A hundred years ago,the First Great War came to an end after an armistice was signed at the Treaty of Versailles. Millions of deaths later, the world refused to learn plunging itself into another Great War merely two decades after. Only this time it would be more dangerous, savage, and heart-wrenching. The death toll (sitting at nearly 70-80 million) more than tripled from the first Great War (roughly 20-22 million). I am often lost for words when asked to describe the pure barbarism on show during the deadly conflict. You won't find a single city in Europe where the memories of the battles aren't fresh. The wounds left behind by the wars can't be forgotten, they needs to be memorialized. From mind-boggling to inspirational, discover our list of war sites across Europe that you cannot miss out on.
Fort Douaumont, France
Built before the First World War the Fort acted as a shelter for the locals during the devastating Battle of Verdun in France. The battle which resulted in very minute change of territory but deaths in millions set the tone for the rest of the war. Fort Douaumont remains one of the most well preserved sites of the war. One can take a walk through its three levels and observe the guns, turrets and weaponry on display. The command posts and barrack rooms are also well intact.
The site is about a 4-hours journey from Paris by bus. A car journey is shorter taking 2.5 hours. Trains are also available if one prefers to travel by the rail.
Vimy Ridge, France
The Canadian National Vimy Memorial set at the highest point of Vimy Ridge is one of Canada's largest war memorials. The Battle of Vimy Ridge, part of the larger Allied offensive, marked an important occasion of the First Great War. The towering monument which can be seen from miles away is surrounded by a range of shell craters and trenches which have been reinforced. Not as well known as others, the Canadian army's telling contribution would provide as a great source of inspiration to other members of the Allied Forces.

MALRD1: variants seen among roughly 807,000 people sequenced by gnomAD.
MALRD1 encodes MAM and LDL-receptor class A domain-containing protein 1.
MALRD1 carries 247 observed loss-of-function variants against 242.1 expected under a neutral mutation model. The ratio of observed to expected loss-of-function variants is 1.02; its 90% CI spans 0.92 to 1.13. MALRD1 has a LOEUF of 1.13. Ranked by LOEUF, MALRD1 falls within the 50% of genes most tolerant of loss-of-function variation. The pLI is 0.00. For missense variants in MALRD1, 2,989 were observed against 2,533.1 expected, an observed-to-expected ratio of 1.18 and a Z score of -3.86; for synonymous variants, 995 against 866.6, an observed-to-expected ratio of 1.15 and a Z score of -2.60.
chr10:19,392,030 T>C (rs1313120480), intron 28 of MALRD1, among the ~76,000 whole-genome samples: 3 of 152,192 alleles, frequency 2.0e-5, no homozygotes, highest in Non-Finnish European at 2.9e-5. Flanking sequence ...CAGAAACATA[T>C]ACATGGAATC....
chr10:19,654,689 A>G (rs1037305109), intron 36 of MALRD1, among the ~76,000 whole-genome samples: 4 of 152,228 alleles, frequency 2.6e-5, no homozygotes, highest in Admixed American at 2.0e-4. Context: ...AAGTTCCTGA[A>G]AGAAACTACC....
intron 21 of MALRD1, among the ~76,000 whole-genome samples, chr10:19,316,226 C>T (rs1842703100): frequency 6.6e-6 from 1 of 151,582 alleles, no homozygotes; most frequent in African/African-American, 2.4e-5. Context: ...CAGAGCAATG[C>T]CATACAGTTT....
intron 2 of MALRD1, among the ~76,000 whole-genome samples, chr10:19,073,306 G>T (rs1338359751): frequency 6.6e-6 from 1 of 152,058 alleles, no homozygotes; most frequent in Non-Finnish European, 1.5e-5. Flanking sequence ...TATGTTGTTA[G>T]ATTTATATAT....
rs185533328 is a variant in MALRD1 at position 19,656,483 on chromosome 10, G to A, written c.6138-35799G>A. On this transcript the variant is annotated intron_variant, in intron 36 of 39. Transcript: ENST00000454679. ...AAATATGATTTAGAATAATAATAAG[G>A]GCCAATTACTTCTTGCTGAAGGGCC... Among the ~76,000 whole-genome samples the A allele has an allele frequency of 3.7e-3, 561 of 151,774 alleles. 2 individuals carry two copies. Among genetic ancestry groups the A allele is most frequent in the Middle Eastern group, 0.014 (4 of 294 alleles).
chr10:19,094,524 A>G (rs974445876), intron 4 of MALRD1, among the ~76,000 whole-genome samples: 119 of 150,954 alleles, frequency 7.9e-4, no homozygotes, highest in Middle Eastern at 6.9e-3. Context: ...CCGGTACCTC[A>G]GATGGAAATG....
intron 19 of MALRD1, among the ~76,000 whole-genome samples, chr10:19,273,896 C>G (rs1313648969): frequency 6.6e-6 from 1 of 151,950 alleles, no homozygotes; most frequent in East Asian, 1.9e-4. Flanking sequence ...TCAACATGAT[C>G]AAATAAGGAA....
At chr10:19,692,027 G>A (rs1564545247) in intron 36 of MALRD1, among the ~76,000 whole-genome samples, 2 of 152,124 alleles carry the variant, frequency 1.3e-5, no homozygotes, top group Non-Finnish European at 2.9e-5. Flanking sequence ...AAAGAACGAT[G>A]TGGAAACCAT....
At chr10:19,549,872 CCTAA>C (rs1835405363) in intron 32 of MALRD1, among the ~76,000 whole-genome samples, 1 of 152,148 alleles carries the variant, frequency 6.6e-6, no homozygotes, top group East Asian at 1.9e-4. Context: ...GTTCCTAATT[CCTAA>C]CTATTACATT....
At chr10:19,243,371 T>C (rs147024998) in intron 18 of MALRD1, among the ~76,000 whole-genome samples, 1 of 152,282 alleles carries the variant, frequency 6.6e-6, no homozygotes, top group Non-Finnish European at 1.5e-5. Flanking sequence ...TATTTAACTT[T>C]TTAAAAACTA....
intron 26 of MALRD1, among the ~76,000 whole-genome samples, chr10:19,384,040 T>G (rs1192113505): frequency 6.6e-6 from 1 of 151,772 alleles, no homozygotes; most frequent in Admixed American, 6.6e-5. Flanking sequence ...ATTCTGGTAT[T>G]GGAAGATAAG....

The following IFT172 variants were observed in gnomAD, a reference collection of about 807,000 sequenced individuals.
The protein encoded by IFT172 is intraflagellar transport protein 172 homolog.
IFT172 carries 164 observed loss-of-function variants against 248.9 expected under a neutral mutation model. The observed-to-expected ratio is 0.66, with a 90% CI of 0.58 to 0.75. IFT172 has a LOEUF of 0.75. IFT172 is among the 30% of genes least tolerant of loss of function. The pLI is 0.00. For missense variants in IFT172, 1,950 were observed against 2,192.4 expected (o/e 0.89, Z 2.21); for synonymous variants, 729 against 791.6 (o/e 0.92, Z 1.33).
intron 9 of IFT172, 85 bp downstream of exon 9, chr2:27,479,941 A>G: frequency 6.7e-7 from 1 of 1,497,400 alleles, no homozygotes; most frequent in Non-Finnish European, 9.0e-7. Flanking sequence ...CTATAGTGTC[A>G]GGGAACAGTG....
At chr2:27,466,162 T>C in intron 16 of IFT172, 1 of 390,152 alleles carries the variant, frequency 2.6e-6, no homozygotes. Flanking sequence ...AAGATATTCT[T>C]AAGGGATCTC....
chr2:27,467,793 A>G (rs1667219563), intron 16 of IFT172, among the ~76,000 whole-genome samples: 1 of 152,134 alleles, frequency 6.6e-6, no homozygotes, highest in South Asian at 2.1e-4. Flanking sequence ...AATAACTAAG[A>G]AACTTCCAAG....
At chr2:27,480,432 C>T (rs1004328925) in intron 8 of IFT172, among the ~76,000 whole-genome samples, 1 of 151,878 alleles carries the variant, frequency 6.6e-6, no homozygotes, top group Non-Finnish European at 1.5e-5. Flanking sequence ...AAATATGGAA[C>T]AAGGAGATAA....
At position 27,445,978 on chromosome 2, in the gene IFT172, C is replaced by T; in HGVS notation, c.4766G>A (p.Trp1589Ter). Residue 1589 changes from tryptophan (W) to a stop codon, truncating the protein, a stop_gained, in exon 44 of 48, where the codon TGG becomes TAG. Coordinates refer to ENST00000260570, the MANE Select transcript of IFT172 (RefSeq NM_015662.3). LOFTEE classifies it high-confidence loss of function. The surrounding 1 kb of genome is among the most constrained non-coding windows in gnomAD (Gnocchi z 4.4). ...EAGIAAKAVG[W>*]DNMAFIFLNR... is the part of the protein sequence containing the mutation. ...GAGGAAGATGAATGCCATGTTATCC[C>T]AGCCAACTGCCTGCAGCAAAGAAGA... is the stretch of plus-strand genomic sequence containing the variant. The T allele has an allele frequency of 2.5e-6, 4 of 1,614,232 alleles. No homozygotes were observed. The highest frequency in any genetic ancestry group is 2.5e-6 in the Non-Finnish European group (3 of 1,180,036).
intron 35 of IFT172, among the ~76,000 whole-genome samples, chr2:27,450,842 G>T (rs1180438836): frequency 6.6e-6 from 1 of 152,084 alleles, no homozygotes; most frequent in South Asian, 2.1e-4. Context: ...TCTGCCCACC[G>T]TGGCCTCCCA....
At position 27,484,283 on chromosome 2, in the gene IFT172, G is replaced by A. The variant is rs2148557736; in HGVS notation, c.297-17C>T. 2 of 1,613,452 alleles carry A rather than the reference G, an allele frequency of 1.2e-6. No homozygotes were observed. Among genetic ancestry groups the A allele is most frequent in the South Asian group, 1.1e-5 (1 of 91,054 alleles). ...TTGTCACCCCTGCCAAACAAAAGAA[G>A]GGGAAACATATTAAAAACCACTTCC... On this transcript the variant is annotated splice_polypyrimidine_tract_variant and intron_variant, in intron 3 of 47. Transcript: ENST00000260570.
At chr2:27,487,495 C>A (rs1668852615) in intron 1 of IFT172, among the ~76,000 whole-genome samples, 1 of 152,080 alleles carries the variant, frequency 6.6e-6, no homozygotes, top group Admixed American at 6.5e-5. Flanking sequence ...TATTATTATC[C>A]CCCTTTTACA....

The Vimy Ridge is about 175 kilometers from the French capital city of Paris and takes roughly 2-2.5 hours by car. You can also drive from Lille, which is about an hour away.
Possibly the most iconic WWII site, Auschwitz has a notorious past. Recognized as one of the Nazi's largest concentration camps the camp is a symbol of what humans are capable of inflicting on their fellow kind. Auschwitz oversaw over a million deaths during the second Great War. Converted into a museum the complex has several rules and precautions that one must be aware of before visiting. Check this link out to know more. Regarded by Hitler as the destination for the "Final Solution", Auschwitz will forever be a reminder to the world of the vicious Nazi legacy.
Located on the outskirts of the city of Oswiecim, Auschwitz is about 2 km from the train station with local buses providing transportation to the museum.
The Museum is open all year long, seven days a week, except January 1, December 25, and Easter Sunday. Here are the timings:
- 7:30 AM - 2:00 PM December
- 7:30 AM - 3:00 PM January, November
- 7:30 AM - 4:00 PM February
- 7:30 AM - 5:00 PM March, October
- 7:30 AM - 6:00 PM April, May, September
- 7:30 AM - 7:00 PM June, July, August
Livadia Palace, Yalta
As the German resistance crumbled across Europe, global leaders like Winston Churchill, Joseph Stalin and F.D Roosevelt came together to discuss the post-war world at the Livadia Palace in Yalta in what would be known as the historic Yalta conference. Built in a Neo-Renaissance style, the meeting at palace between Roosevelt and Stalin marked the beginning of the arduous and proxy Cold War which would grab the world's attention for the next half century. Back in the day though, the palace was a summer retreat home to the last Russian tsar.
Located in the Crimea in Yalta, a disputed territory between Ukraine and Russia, the Livida Palace can be accessed by public transportation or a private car. The journey to Yalta from Ukrainian capital city, Kiev can be a long one with the night train being the cheapest alternative.
The Wolf's Lair, Poland
The birthplace of Hitler's Operation Barbarossa, the Wolf's Lair was the German Dictator's first headquarters on the Eastern Front. Built deep in the Masurian woods, the Nazis launched a blitzkrieg attack against the Russians pushing Stalin's men deep into its territory. Three security zones surrounded the Fuhrer's complex. The work to expand the lair was started in 1944, but the Red Army's (Russian forces) rapid advances meant that the developments at this lair were never completed.
There are no regular tours but companies like Intopoland can help you plan out your trip. The trip from Warsaw to Ketrzyn will take about four hours with the journey being about 250 kilometers.